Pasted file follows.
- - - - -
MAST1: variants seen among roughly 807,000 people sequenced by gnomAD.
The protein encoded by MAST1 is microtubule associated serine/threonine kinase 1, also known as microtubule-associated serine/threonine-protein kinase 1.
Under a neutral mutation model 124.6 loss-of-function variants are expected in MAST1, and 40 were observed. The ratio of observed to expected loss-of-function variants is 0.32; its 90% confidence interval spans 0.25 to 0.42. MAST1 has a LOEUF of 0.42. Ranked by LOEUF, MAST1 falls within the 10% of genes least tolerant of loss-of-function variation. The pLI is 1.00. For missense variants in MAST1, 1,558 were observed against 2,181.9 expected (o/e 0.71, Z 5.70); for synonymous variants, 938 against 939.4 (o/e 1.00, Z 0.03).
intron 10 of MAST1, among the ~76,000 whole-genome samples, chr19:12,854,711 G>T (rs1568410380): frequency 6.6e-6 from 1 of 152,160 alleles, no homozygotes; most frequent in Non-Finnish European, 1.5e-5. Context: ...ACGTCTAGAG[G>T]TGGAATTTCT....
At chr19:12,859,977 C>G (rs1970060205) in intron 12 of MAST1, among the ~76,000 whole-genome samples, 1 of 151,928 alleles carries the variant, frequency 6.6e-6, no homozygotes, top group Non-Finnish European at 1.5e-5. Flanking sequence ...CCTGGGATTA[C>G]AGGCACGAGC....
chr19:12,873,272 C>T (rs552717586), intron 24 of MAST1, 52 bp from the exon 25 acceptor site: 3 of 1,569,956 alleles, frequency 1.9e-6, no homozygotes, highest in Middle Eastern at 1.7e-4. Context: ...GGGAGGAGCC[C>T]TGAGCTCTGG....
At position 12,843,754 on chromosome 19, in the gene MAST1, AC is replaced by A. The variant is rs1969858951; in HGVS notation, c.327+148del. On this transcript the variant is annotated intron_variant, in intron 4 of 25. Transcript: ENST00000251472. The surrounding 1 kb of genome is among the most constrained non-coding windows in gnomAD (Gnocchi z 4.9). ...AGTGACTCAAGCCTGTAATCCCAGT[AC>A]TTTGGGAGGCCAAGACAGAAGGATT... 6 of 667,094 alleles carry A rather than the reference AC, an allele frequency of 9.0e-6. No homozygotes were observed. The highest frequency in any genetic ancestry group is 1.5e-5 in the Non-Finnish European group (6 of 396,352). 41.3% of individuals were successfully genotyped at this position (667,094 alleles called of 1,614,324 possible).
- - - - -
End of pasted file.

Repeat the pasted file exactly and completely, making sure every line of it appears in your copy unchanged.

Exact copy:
MAST1: variants seen among roughly 807,000 people sequenced by gnomAD.
The protein encoded by MAST1 is microtubule associated serine/threonine kinase 1, also known as microtubule-associated serine/threonine-protein kinase 1.
Under a neutral mutation model 124.6 loss-of-function variants are expected in MAST1, and 40 were observed. The ratio of observed to expected loss-of-function variants is 0.32; its 90% confidence interval spans 0.25 to 0.42. MAST1 has a LOEUF of 0.42. Ranked by LOEUF, MAST1 falls within the 10% of genes least tolerant of loss-of-function variation. The pLI is 1.00. For missense variants in MAST1, 1,558 were observed against 2,181.9 expected (o/e 0.71, Z 5.70); for synonymous variants, 938 against 939.4 (o/e 1.00, Z 0.03).
intron 10 of MAST1, among the ~76,000 whole-genome samples, chr19:12,854,711 G>T (rs1568410380): frequency 6.6e-6 from 1 of 152,160 alleles, no homozygotes; most frequent in Non-Finnish European, 1.5e-5. Context: ...ACGTCTAGAG[G>T]TGGAATTTCT....
At chr19:12,859,977 C>G (rs1970060205) in intron 12 of MAST1, among the ~76,000 whole-genome samples, 1 of 151,928 alleles carries the variant, frequency 6.6e-6, no homozygotes, top group Non-Finnish European at 1.5e-5. Flanking sequence ...CCTGGGATTA[C>G]AGGCACGAGC....
chr19:12,873,272 C>T (rs552717586), intron 24 of MAST1, 52 bp from the exon 25 acceptor site: 3 of 1,569,956 alleles, frequency 1.9e-6, no homozygotes, highest in Middle Eastern at 1.7e-4. Context: ...GGGAGGAGCC[C>T]TGAGCTCTGG....
At position 12,843,754 on chromosome 19, in the gene MAST1, AC is replaced by A. The variant is rs1969858951; in HGVS notation, c.327+148del. On this transcript the variant is annotated intron_variant, in intron 4 of 25. Transcript: ENST00000251472. The surrounding 1 kb of genome is among the most constrained non-coding windows in gnomAD (Gnocchi z 4.9). ...AGTGACTCAAGCCTGTAATCCCAGT[AC>A]TTTGGGAGGCCAAGACAGAAGGATT... 6 of 667,094 alleles carry A rather than the reference AC, an allele frequency of 9.0e-6. No homozygotes were observed. The highest frequency in any genetic ancestry group is 1.5e-5 in the Non-Finnish European group (6 of 396,352). 41.3% of individuals were successfully genotyped at this position (667,094 alleles called of 1,614,324 possible).